• Tax-advantaged—Roth IRAs, municipal bonds and life insurance are considered tax-advantaged and have certain tax perks.

Tip: Think about your lifestyle, income, current financial goals and future financial goals when considering your investments. Do you expect your income tax bracket to be higher or lower after you retire? Does it make more sense to be taxed now or later?

Which retirement vehicles will work best for your specific situation?


A long-term plan

According to the Social Security Administration Opens in new window, a woman who is 65 today can expect to live to be 86.6 years old. Not only that, but 25% of people who are 65 will live past age 90, while 10% will live past 95.


If you're single...

You're on your own to save for your financial future. While that can have its own challenges, there are things you can do to get ahead.

The first step is to save as much as you can for your retirement, while optimizing your tax strategy. The key is to fund your various retirement vehicles consistently to reap the most benefits.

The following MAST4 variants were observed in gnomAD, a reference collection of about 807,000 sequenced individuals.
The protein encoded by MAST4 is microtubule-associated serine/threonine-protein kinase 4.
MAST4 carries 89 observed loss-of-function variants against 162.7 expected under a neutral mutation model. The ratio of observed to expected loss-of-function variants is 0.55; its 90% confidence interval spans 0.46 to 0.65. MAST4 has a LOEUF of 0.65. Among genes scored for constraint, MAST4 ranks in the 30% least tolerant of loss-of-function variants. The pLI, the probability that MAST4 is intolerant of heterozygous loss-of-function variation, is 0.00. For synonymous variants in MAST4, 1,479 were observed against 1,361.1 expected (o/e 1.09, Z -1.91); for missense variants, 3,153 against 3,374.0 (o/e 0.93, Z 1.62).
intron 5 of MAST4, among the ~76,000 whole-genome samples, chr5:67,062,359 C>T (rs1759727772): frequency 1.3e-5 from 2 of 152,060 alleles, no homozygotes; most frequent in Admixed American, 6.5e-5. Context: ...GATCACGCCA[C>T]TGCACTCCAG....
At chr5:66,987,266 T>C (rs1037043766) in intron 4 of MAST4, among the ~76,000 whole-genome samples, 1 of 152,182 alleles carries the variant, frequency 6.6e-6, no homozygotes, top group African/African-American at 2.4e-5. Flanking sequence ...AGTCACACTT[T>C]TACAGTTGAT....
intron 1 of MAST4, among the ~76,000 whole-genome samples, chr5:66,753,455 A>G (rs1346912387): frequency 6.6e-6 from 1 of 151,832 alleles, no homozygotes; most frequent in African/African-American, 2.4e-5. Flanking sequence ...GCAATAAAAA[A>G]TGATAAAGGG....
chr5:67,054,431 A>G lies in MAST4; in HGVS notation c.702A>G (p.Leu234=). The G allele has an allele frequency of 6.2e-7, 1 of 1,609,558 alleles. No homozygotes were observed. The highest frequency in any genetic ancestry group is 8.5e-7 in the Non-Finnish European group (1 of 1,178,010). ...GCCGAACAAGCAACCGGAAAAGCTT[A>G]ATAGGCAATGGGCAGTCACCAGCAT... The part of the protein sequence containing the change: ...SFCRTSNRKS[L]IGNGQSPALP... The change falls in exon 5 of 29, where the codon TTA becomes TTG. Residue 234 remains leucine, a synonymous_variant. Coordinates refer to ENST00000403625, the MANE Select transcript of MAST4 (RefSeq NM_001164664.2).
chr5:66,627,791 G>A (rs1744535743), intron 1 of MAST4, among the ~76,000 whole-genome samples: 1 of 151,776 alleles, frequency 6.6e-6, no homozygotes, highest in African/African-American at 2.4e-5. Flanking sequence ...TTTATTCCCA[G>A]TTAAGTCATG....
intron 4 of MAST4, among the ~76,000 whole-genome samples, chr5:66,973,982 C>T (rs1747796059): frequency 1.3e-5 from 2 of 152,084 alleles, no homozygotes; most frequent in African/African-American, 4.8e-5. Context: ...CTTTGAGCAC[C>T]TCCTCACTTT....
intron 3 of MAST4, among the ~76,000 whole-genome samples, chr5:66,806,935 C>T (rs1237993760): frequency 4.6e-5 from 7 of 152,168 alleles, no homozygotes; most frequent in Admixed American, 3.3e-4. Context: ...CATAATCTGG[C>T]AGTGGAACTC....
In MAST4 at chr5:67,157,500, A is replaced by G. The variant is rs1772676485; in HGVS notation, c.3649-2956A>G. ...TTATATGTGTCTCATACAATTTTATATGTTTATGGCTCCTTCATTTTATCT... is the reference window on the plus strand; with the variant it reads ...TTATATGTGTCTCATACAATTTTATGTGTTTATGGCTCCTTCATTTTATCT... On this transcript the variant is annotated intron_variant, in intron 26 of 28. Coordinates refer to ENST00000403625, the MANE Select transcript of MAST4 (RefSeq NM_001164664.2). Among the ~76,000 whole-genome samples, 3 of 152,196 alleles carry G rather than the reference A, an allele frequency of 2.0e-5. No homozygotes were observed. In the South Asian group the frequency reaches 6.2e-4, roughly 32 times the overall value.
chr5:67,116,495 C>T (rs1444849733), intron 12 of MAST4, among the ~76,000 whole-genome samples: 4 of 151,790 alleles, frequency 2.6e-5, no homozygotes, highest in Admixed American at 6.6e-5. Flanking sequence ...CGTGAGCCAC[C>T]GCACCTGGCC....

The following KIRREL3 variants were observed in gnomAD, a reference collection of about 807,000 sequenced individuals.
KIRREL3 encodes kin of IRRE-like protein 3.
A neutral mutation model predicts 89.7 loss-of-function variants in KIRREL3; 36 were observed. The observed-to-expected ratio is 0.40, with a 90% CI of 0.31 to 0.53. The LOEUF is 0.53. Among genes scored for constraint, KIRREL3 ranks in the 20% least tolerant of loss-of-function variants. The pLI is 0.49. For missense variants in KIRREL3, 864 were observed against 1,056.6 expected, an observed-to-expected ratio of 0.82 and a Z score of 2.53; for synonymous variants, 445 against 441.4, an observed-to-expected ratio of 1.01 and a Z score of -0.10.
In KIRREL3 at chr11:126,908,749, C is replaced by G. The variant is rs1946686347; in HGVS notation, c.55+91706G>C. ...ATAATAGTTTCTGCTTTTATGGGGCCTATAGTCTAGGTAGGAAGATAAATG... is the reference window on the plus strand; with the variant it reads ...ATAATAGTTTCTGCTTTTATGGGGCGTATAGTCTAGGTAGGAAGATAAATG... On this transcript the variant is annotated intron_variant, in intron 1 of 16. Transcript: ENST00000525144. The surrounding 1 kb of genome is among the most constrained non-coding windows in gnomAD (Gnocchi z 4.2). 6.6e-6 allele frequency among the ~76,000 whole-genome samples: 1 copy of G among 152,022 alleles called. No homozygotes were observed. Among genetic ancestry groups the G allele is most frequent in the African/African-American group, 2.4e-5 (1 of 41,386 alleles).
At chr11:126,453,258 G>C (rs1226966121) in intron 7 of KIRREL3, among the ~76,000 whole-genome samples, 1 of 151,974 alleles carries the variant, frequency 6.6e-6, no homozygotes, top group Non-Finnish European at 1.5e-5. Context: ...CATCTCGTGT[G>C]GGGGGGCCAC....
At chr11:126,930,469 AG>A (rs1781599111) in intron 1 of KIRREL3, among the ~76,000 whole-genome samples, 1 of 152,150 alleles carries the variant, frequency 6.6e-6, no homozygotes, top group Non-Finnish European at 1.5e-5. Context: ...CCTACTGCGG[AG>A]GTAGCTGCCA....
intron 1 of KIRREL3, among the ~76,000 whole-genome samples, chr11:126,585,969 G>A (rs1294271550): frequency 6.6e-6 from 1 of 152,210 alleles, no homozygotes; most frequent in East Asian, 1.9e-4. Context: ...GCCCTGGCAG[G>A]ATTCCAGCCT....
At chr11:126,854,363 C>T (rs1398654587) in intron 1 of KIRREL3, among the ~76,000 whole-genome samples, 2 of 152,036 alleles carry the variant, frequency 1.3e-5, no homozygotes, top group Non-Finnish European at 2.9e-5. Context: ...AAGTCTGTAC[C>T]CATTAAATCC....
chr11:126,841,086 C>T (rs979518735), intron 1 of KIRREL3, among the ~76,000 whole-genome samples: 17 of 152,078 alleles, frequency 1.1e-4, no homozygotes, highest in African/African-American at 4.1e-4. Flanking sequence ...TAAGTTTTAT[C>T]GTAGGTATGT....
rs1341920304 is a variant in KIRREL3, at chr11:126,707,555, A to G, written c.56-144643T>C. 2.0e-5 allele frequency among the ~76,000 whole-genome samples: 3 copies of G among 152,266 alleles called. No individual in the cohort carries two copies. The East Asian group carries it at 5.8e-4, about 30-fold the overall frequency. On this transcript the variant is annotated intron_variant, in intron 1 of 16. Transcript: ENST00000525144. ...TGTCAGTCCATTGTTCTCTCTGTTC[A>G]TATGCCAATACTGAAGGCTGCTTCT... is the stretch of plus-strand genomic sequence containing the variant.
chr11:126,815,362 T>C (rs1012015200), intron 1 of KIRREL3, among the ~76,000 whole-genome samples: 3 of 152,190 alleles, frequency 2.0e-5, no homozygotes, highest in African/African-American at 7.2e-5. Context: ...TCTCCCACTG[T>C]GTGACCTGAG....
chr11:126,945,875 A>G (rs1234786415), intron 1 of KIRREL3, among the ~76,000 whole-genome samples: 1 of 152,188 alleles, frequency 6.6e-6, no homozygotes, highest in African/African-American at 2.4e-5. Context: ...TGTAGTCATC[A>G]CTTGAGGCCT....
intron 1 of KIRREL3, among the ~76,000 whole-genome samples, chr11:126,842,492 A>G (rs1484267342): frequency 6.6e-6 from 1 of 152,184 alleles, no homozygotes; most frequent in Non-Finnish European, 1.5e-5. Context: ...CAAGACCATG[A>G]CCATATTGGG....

It's likely you'll want to max out your tax-favored IRA Opens in new window and 401(k) Opens in new window (or similar retirement plan) contributions, while also investing in things like taxable mutual funds or ETFs. Taking a diversified approach can help limit your risk while also getting the most out of your investments.

You also need to understand how your various investments affect your individual tax situation. Talking with a financial professional can help you figure out your best options.


If you're married…

By age 50, more than 90% Opens in new window of people in Western cultures will have been married. This partnership can be a delicate financial balancing act. You want to make sure you’re in the know regarding your finances—and that you can take them over should something happen to your spouse. Having a life insurance policy can help make sure that your bases are covered.

When it comes to taxes: Are you filing jointly or separately? It's important to know how your filing status may affect taxation of Social Security benefits, pension plans and more. All of this could affect what you owe in taxes as well as your future income.

If you’ve left the workplace to take care of your family, you may still contribute to an IRA. If you file taxes jointly, and your spouse has earned income, you can save for the future and also take advantage of some tax benefits.

Tip: Sit down with your partner to review whether you file jointly or separately. What are the pros and cons? Does your current decision align with both of your future retirement goals?